peerless bravery and spirit?"
Such is the tale I tell about thy daughter's death, and I regard
thee as blest beyond all mothers in thy noble child, yet crossed in
fortune more than all.
Upon the race of Priam and my city some fearful curse hath
burst; 'tis sent by God, and we must bear it.
O my daughter! 'mid this crowd of sorrows I know not where to turn
my gaze; for if I set myself to one, another will not give me pause;
while from this again a fresh grief summons me, finding a successor to
sorrow's throne. No longer now can I efface from my mind the memory of
thy sufferings sufficiently to stay my tears; yet hath the story of
thy noble death taken from the keenness of my grief. Is it not then
strange that poor land, when blessed by heaven with a lucky year,
yields a good crop, while that which is good, if robbed of needful
care, bears but little increase; yet 'mongst men the knave is never
other than a knave, the good man aught but good, never changing for
the worse because of misfortune, but ever the same? Is then the
difference due to birth or bringing up? Good training doubtless
gives lessons in good conduct, and if a man have mastered this, he
knows what is base by the standard of good. Random shafts of my soul's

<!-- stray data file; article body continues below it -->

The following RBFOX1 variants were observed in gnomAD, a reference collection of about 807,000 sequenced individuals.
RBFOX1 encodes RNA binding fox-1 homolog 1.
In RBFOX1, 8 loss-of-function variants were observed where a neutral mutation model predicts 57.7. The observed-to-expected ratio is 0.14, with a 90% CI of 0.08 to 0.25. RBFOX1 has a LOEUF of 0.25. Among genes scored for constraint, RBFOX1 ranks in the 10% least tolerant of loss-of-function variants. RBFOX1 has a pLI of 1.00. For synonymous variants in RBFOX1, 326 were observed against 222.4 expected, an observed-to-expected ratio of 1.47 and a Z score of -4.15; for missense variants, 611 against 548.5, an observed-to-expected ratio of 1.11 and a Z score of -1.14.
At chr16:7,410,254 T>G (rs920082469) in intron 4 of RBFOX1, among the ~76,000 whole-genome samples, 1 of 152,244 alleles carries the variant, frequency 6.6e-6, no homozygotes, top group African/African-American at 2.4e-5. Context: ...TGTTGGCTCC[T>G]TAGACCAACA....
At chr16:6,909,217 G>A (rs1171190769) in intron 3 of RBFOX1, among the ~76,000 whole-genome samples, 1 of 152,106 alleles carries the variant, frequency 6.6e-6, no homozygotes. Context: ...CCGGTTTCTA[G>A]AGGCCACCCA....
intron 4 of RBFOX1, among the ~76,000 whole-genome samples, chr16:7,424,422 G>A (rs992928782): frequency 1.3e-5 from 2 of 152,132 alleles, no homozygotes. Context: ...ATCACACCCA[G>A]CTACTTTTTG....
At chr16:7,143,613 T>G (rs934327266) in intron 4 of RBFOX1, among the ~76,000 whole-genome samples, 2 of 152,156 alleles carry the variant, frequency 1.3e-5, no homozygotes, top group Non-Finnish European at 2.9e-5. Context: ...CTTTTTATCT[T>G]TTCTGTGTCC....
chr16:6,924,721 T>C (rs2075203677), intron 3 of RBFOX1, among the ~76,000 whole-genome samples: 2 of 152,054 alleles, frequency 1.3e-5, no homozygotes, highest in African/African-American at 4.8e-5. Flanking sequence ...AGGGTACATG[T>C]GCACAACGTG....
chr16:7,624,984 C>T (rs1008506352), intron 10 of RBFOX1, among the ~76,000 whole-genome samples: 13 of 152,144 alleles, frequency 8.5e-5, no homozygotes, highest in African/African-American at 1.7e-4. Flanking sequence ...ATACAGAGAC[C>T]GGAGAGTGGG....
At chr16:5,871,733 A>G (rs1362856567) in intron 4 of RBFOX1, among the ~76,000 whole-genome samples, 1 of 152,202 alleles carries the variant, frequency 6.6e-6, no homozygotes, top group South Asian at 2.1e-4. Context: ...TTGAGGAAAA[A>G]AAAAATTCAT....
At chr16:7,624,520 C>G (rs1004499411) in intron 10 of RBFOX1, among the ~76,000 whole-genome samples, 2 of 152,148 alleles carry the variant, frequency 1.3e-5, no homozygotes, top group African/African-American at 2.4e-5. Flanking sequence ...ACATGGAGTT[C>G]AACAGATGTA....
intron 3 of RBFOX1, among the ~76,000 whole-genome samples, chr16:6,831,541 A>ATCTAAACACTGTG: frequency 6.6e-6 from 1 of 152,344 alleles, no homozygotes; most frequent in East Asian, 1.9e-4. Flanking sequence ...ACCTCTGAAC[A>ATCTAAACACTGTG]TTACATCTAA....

shooting these, I know.
(To TALTHYBIUS) Go thou and proclaim to the Argives that they
touch not my daughter's body but keep the crowd away. For when
countless host is gathered, the mob knows no restraint, and the
unruliness of sailors exceeds that of fire, all abstinence from evil
being counted evil.
(TALTHYBIUS goes out.)
(Addressing a servant) My aged handmaid, take a pitcher and dip it
in the salt sea and bring hither thereof, that I for the last time may
wash my child, a virgin wife, a widowed maid, and lay her out,-as
she deserves, ah! whence can I? impossible! but as best I can; and
what will that be? I will collect adornment from the captives, my
companions in these tents, if haply any of them escaping her
master's eye have some secret store from her old home.
(The MAID departs.)
O towering halls, O home so happy once, O Priam, rich in store
of fairest wealth, most blest of sires, and I no less, the grey-haired
mother of thy race, how are we brought to naught, stripped of our
former pride! And spite of all we vaunt ourselves, one on the riches
of his house, another be, cause he has an honoured name amongst his
fellow-citizens! But these things are naught; in vain are all our
thoughtful schemes, in vain our vaunting words. He is happiest who
meets no sorrow in his daily walk.
(HECUBA enters the tent.)
Copyright 2000-2014, GreekMythology.comTM.
For more general info on Greek Gods, Greek Goddesses, Greek Heroes, Greek Monsters and Greek Mythology Movies visit Greece.com Mythology.
All information in this site is free for personal use. You can freely use it for
term papers, research papers, college essays, school essays.
Commercial use, and use in other websites is prohibited.
If you have your own Greek Mythology stories, free research papers, college term papers, college essays, book reports, coursework, homework papers and you want to publish them in this site please contact us now at:
Griyego mitolohiya, 그리스 신화, 希腊神话, griekse mythologie, mythologie grecque, griechischen Mythologie, ギリシャ神話, Греческая мифология, mitología griega, ग्रीक पौराणिक कथाओं, الأساطير اليونانية, Grekisk mytologi